The Kingdom’s Shōnen Heart

Transcultural Character Design and the JRPG



Transculturality, character design, shonen, JRPG genre, Generation X, lost decade


Taken by themselves, neither Disney nor Square Enix appears particularly successful at transcultural expression, although both are certainly marketing juggernauts in transmedia franchise operations (Smoodin, 1994; Consalvo, 2013). Disney may be understood in terms of American postwar cultural imperialism, while Square Enix is deeply rooted in conventions of Japanese storytelling. But together, somehow the two achieve a synergy in Kingdom Hearts (2002), coalescing in the figure of Sora, its youthful protagonist. This article performs a close reading of Sora’s visual character design, a transcultural melding of Walt Disney’s own Mickey Mouse and the shōnen figure of earlier Nomura Tetsuya creations. While gameplay dynamics point to a new action-adventure style for Square Enix, the shōnen characteristics of Sora’s appearance combine with his sense of loss and yearning to position the game in the JRPG genre.  


Transculturality of the non-player characters (NPCs) in Kingdom Hearts is then considered. These character designs remain static, anchored to their original reference texts. Where the Disney characters fit their settings in an uncomplicated way, providing escapism and nostalgia for the player, Square characters seem to be chosen for their complexity. The use of then-recent Final Fantasy X characters Tidus and Wakka in Destiny Islands is contrasted against the use of darker, brooding characters from older Final Fantasy titles encountered later in the game. Just as loss and yearning define Sora’s shōnen character, the sense of loss manifested by Cloud, Aerith and Leon connect the player to the real-world context of the global late 1990s, speaking to Japanese anxiety following the Hanshin earthquake and Aum Shinrikyo attacks of 1995, and to the despair of ‘Generation X’ following Kurt Cobain’s death in 1994 (Funabashi and Kushner, 2015; Brabazon, 2005). Meanwhile, the deep economic recession of Japan’s ‘lost decade’ (1991-2001) connected perfectly to the post-9/11 unease in America at the time of the game’s release. Overall, I argue that the game’s success stems from its transcultural emphasis on loss and yearning, which fit not only the JRPG genre but also the sense of anxiety pervading both Japan and America at the time.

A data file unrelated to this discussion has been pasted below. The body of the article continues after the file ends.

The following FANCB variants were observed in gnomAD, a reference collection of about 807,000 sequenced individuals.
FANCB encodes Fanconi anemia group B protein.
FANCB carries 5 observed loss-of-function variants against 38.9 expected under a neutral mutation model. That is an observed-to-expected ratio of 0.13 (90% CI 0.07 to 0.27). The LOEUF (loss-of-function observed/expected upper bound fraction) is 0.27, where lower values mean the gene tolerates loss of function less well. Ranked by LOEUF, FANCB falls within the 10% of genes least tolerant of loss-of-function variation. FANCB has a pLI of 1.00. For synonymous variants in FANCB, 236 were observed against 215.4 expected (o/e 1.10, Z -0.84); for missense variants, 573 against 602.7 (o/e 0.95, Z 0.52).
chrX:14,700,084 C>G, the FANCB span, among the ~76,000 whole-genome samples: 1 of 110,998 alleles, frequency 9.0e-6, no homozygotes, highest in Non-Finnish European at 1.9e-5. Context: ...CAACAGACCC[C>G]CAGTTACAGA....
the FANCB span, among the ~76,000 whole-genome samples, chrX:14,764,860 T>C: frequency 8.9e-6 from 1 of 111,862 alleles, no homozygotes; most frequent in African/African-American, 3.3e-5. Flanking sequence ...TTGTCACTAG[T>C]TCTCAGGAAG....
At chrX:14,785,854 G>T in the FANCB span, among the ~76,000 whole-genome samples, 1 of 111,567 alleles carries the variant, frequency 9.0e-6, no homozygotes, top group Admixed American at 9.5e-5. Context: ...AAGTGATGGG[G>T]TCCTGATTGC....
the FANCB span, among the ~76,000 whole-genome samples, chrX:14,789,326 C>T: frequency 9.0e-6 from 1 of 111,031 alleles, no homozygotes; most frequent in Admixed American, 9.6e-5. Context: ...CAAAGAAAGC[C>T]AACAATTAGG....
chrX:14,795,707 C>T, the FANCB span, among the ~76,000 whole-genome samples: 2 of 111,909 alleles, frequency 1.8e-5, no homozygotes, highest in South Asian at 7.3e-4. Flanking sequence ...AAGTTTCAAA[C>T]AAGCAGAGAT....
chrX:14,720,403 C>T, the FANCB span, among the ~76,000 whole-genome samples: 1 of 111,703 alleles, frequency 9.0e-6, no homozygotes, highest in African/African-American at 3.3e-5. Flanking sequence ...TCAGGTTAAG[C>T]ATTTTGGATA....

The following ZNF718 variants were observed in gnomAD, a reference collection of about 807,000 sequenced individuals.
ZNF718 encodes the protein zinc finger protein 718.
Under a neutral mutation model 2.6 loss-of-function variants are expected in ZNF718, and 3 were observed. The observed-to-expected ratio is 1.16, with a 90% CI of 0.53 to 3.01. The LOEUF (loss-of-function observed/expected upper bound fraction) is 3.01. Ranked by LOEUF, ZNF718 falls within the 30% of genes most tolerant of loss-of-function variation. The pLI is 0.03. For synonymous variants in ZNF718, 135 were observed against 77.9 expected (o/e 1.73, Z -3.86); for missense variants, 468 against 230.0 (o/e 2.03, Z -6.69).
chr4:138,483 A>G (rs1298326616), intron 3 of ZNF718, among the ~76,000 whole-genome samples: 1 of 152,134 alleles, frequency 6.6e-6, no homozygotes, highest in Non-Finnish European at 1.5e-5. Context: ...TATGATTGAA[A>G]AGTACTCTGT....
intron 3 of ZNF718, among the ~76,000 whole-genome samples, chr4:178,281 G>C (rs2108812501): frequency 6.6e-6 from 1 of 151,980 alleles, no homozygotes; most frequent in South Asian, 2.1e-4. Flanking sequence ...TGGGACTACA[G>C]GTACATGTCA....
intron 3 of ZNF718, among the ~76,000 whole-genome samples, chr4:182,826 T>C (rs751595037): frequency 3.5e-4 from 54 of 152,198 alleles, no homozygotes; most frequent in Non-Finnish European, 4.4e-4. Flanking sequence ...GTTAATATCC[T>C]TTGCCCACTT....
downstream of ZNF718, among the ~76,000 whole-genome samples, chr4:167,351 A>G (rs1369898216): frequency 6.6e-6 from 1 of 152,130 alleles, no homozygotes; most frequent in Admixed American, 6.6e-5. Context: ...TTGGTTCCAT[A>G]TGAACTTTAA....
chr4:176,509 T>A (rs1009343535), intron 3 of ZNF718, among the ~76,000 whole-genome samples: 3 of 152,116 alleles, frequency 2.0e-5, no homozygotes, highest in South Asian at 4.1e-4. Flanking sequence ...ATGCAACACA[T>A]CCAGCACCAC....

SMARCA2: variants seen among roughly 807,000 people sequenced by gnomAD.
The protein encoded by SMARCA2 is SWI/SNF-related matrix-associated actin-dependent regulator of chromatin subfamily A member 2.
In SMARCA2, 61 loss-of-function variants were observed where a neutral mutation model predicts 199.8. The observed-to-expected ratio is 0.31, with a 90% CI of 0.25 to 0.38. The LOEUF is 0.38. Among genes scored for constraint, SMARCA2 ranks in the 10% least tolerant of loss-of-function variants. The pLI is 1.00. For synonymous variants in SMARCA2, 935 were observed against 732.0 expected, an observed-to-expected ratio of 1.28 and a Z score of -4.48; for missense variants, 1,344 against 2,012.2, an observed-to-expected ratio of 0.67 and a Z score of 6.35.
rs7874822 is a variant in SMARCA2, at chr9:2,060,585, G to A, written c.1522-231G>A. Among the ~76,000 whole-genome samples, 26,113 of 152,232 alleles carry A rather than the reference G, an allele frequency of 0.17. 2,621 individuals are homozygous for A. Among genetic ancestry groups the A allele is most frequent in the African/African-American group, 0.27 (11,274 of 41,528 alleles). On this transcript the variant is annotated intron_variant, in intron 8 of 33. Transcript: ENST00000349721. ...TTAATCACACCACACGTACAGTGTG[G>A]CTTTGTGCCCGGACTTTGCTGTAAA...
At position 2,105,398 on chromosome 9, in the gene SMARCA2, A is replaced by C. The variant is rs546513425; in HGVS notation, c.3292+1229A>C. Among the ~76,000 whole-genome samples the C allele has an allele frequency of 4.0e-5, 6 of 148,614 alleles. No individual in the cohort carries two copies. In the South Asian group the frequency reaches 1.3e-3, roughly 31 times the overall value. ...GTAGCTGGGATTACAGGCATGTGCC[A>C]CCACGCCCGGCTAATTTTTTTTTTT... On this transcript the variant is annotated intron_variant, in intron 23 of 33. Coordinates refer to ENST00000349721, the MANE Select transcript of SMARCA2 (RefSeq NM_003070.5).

Author Biography

Rachael Hutchinson, University of Delaware

Rachael Hutchinson is Professor of Japanese Studies at the University of Delaware. She is the author of Japanese Culture Through Videogames (Routledge 2019) and co-editor with Jérémie Pelletier-Gagnon of Japanese Role-Playing Games: Genre, Representation and Liminality in the JRPG (Lexington 2022). Her work appears in the journals Games and Culture, Game Studies, Japanese Studies, Replaying Japan, and NMEDIAC: Journal of New Media and Culture, as well as in Well Played Retrospective: The Past, Pandemic and Future of Video Games, Value and Meaning (ed. Davidson, Fay, Fernández-Vara, Pinckard and Sharp), Gaming Representation: Race, Gender and Sexuality in Video Games (ed. Malkowski and Russworm), Introduction to Japanese Pop Culture (ed. Freedman and Slade) and Transnational Contexts of Culture, Gender, Class, and Colonialism in Play (ed. Pulos and Lee).


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